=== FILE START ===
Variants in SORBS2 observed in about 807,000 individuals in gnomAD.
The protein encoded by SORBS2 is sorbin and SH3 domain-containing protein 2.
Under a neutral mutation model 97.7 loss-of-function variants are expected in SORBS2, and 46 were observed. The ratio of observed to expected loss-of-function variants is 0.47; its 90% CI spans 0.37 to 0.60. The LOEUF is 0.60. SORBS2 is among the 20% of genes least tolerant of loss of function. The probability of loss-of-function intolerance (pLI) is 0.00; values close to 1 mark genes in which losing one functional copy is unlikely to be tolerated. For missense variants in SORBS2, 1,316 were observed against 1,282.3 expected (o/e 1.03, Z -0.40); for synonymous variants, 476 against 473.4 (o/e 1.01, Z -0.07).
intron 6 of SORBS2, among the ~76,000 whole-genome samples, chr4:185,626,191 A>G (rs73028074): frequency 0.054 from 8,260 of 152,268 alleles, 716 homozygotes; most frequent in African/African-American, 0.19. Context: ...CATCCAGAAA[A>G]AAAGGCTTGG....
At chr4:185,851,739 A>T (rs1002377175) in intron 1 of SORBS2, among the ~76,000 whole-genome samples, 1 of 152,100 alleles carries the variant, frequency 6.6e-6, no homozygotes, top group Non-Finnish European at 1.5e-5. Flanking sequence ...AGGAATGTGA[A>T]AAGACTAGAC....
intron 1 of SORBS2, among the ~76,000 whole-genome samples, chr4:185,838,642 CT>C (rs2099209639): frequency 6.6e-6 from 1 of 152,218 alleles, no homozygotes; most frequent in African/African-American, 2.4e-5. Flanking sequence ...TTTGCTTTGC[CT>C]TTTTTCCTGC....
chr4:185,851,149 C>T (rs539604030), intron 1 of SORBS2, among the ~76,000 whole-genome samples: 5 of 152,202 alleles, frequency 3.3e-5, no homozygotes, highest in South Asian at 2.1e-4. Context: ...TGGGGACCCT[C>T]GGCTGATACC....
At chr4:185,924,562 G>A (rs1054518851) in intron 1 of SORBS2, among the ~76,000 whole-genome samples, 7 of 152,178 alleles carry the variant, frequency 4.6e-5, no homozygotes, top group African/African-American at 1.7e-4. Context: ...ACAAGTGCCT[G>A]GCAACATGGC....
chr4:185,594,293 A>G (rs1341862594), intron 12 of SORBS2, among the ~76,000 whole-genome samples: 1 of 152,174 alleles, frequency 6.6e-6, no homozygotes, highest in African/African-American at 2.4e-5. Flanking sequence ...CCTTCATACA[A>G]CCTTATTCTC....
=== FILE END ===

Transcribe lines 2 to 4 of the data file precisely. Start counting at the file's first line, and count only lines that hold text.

The protein encoded by SORBS2 is sorbin and SH3 domain-containing protein 2.
Under a neutral mutation model 97.7 loss-of-function variants are expected in SORBS2, and 46 were observed. The ratio of observed to expected loss-of-function variants is 0.47; its 90% CI spans 0.37 to 0.60. The LOEUF is 0.60. SORBS2 is among the 20% of genes least tolerant of loss of function. The probability of loss-of-function intolerance (pLI) is 0.00; values close to 1 mark genes in which losing one functional copy is unlikely to be tolerated. For missense variants in SORBS2, 1,316 were observed against 1,282.3 expected (o/e 1.03, Z -0.40); for synonymous variants, 476 against 473.4 (o/e 1.01, Z -0.07).
intron 6 of SORBS2, among the ~76,000 whole-genome samples, chr4:185,626,191 A>G (rs73028074): frequency 0.054 from 8,260 of 152,268 alleles, 716 homozygotes; most frequent in African/African-American, 0.19. Context: ...CATCCAGAAA[A>G]AAAGGCTTGG....